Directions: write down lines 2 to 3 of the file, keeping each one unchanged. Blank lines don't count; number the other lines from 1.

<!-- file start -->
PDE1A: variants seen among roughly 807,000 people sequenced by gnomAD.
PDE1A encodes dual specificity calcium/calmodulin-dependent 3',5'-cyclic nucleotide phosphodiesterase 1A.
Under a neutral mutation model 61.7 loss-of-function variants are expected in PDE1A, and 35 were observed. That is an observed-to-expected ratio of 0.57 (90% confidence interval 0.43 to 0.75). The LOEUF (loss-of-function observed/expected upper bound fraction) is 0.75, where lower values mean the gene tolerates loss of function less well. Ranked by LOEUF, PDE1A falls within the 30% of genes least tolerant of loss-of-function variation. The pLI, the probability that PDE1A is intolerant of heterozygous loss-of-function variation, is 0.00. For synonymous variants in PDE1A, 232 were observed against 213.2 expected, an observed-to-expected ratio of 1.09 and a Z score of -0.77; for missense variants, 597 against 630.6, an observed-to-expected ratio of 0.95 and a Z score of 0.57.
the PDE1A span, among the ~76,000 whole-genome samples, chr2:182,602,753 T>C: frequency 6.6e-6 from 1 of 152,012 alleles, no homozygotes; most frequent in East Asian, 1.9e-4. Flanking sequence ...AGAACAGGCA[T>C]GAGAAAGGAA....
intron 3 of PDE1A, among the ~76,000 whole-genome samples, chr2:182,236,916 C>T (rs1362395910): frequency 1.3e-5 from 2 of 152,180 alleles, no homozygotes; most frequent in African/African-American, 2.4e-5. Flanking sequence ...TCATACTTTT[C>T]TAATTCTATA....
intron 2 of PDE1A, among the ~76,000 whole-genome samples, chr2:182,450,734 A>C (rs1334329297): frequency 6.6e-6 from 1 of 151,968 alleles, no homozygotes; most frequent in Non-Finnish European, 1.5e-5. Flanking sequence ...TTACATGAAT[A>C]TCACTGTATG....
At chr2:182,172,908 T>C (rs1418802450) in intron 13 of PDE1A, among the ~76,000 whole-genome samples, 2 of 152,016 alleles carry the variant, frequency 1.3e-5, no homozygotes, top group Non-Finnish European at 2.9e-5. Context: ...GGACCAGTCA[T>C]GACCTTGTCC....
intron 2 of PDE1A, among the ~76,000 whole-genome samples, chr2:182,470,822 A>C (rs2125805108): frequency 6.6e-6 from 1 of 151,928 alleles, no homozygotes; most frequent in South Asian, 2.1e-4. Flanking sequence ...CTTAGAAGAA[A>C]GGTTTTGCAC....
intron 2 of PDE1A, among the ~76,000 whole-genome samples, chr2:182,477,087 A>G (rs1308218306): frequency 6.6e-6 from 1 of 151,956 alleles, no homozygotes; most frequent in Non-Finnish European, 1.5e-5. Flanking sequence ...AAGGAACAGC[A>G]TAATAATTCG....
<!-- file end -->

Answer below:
PDE1A encodes dual specificity calcium/calmodulin-dependent 3',5'-cyclic nucleotide phosphodiesterase 1A.
Under a neutral mutation model 61.7 loss-of-function variants are expected in PDE1A, and 35 were observed. That is an observed-to-expected ratio of 0.57 (90% confidence interval 0.43 to 0.75). The LOEUF (loss-of-function observed/expected upper bound fraction) is 0.75, where lower values mean the gene tolerates loss of function less well. Ranked by LOEUF, PDE1A falls within the 30% of genes least tolerant of loss-of-function variation. The pLI, the probability that PDE1A is intolerant of heterozygous loss-of-function variation, is 0.00. For synonymous variants in PDE1A, 232 were observed against 213.2 expected, an observed-to-expected ratio of 1.09 and a Z score of -0.77; for missense variants, 597 against 630.6, an observed-to-expected ratio of 0.95 and a Z score of 0.57.